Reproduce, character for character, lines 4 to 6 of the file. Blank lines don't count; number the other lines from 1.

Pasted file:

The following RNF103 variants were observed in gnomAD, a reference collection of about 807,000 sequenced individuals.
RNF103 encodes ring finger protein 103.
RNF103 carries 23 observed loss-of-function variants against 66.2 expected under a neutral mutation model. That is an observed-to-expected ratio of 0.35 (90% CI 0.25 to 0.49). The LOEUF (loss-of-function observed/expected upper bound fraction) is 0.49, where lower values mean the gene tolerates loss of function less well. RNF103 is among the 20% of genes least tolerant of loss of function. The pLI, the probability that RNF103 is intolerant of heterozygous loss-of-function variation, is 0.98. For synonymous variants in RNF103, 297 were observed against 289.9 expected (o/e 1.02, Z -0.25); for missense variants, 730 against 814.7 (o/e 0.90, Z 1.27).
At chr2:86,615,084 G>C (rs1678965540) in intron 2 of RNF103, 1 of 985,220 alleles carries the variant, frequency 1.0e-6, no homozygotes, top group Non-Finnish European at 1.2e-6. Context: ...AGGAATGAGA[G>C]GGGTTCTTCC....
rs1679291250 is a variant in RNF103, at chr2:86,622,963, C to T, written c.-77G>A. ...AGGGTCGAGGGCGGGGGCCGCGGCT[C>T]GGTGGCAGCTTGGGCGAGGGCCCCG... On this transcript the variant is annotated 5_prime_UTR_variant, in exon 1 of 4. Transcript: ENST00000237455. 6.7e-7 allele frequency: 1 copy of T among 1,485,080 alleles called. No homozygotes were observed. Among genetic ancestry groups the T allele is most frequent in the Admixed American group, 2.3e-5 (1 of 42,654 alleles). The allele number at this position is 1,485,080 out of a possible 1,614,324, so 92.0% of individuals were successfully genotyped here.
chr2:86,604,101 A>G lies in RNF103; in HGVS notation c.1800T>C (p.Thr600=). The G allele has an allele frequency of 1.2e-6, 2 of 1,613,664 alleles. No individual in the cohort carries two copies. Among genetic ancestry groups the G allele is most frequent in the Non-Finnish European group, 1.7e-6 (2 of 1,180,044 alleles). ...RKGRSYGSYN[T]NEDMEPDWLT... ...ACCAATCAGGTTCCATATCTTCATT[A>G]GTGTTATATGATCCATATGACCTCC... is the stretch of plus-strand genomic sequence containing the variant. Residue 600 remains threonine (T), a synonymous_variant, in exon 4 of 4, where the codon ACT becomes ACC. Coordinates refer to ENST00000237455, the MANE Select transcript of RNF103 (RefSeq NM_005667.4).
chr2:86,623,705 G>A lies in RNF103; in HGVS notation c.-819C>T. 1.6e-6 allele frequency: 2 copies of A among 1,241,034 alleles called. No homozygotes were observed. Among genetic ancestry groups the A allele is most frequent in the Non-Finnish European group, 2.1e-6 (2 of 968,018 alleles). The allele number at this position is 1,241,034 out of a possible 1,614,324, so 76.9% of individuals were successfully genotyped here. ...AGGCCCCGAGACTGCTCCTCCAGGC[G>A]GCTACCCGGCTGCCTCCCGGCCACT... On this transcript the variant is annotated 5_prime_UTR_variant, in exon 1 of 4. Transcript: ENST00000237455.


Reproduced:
At chr2:86,615,084 G>C (rs1678965540) in intron 2 of RNF103, 1 of 985,220 alleles carries the variant, frequency 1.0e-6, no homozygotes, top group Non-Finnish European at 1.2e-6. Context: ...AGGAATGAGA[G>C]GGGTTCTTCC....
rs1679291250 is a variant in RNF103, at chr2:86,622,963, C to T, written c.-77G>A. ...AGGGTCGAGGGCGGGGGCCGCGGCT[C>T]GGTGGCAGCTTGGGCGAGGGCCCCG... On this transcript the variant is annotated 5_prime_UTR_variant, in exon 1 of 4. Transcript: ENST00000237455. 6.7e-7 allele frequency: 1 copy of T among 1,485,080 alleles called. No homozygotes were observed. Among genetic ancestry groups the T allele is most frequent in the Admixed American group, 2.3e-5 (1 of 42,654 alleles). The allele number at this position is 1,485,080 out of a possible 1,614,324, so 92.0% of individuals were successfully genotyped here.
chr2:86,604,101 A>G lies in RNF103; in HGVS notation c.1800T>C (p.Thr600=). The G allele has an allele frequency of 1.2e-6, 2 of 1,613,664 alleles. No individual in the cohort carries two copies. Among genetic ancestry groups the G allele is most frequent in the Non-Finnish European group, 1.7e-6 (2 of 1,180,044 alleles). ...RKGRSYGSYN[T]NEDMEPDWLT... ...ACCAATCAGGTTCCATATCTTCATT[A>G]GTGTTATATGATCCATATGACCTCC... is the stretch of plus-strand genomic sequence containing the variant. Residue 600 remains threonine (T), a synonymous_variant, in exon 4 of 4, where the codon ACT becomes ACC. Coordinates refer to ENST00000237455, the MANE Select transcript of RNF103 (RefSeq NM_005667.4).